This week, TechNode’s translation column looks at Chinese video site Bilibili, as a Chinese analyst traces its development from a source for anime to a thriving community of homebrew video stars. This translation is abridged, and made by permission of the author. TechNode has not independently verified the claims made by this article.

This article was co-authored by Erik Stahle.

Most longform video content is pretty cookie cutter in China. Leading streaming video websites Youku, Iqiyi, and Tencent Video have the same middle-market target customers, and in turn produce boatloads of lowest-common-denominator content. Hemmed in by regulations and conservative producers, original content for these platforms tends to stick to tired tropes like cop procedurals and gaokao dramas (the Chinese equivalent of Adam Sandler Netflix movies and The Kissing Booth). One new hit show—like the past few years’ hip hop, dance, and pop star competitions —instantly spawns copycats across the other two platforms.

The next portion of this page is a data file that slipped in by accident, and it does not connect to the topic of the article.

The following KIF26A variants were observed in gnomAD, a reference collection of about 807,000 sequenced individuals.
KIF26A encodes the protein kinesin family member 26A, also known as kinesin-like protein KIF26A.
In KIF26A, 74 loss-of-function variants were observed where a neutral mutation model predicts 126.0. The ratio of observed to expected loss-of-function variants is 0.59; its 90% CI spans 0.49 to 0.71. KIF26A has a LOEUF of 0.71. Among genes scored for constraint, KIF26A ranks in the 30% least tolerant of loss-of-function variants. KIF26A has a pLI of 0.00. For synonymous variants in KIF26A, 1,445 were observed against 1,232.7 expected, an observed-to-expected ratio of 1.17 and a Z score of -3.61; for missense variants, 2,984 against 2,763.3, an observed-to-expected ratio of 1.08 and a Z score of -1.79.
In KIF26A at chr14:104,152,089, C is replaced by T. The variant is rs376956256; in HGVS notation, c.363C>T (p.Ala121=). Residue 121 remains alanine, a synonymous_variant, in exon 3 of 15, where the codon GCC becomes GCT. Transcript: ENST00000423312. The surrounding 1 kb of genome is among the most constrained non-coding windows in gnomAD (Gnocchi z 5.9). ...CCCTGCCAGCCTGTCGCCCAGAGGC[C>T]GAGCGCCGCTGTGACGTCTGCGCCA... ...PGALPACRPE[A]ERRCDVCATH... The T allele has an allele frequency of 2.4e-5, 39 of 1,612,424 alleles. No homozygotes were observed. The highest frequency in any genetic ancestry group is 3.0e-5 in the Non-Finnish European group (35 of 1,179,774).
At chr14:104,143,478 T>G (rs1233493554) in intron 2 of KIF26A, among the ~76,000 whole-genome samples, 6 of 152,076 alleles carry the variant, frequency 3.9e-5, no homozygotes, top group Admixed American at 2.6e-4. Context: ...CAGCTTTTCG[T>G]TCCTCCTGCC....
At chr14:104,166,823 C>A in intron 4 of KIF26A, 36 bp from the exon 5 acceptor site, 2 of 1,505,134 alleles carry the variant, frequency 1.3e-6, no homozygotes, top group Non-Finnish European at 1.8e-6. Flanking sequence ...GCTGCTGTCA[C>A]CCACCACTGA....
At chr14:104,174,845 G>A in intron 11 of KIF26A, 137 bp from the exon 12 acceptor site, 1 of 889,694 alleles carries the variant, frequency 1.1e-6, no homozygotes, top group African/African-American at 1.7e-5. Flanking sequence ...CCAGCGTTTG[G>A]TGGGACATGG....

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Jordan Schneider

Jordan Schneider is a freelancer based in Beijing and the host of the ChinaEconTalk podcast.